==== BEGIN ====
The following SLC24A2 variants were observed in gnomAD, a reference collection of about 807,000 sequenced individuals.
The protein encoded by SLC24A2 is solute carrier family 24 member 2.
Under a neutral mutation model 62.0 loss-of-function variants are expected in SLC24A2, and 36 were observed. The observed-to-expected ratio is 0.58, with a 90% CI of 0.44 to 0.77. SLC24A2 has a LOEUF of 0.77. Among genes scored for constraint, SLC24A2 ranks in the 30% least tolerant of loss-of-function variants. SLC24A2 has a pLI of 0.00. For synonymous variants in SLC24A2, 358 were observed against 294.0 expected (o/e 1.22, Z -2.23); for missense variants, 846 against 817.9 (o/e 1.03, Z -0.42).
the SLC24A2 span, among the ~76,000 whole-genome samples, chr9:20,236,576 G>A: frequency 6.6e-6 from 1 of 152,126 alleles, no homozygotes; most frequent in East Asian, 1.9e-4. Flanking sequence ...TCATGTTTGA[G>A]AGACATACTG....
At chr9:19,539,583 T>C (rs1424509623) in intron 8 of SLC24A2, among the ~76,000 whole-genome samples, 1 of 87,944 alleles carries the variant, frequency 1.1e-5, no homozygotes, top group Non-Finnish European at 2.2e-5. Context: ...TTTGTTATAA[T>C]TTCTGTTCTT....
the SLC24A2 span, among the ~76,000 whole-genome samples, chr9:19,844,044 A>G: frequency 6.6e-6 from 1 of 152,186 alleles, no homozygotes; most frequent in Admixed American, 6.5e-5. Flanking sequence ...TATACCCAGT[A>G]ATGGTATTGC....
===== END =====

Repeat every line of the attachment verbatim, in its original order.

The following SLC24A2 variants were observed in gnomAD, a reference collection of about 807,000 sequenced individuals.
The protein encoded by SLC24A2 is solute carrier family 24 member 2.
Under a neutral mutation model 62.0 loss-of-function variants are expected in SLC24A2, and 36 were observed. The observed-to-expected ratio is 0.58, with a 90% CI of 0.44 to 0.77. SLC24A2 has a LOEUF of 0.77. Among genes scored for constraint, SLC24A2 ranks in the 30% least tolerant of loss-of-function variants. SLC24A2 has a pLI of 0.00. For synonymous variants in SLC24A2, 358 were observed against 294.0 expected (o/e 1.22, Z -2.23); for missense variants, 846 against 817.9 (o/e 1.03, Z -0.42).
the SLC24A2 span, among the ~76,000 whole-genome samples, chr9:20,236,576 G>A: frequency 6.6e-6 from 1 of 152,126 alleles, no homozygotes; most frequent in East Asian, 1.9e-4. Flanking sequence ...TCATGTTTGA[G>A]AGACATACTG....
At chr9:19,539,583 T>C (rs1424509623) in intron 8 of SLC24A2, among the ~76,000 whole-genome samples, 1 of 87,944 alleles carries the variant, frequency 1.1e-5, no homozygotes, top group Non-Finnish European at 2.2e-5. Context: ...TTTGTTATAA[T>C]TTCTGTTCTT....
the SLC24A2 span, among the ~76,000 whole-genome samples, chr9:19,844,044 A>G: frequency 6.6e-6 from 1 of 152,186 alleles, no homozygotes; most frequent in Admixed American, 6.5e-5. Flanking sequence ...TATACCCAGT[A>G]ATGGTATTGC....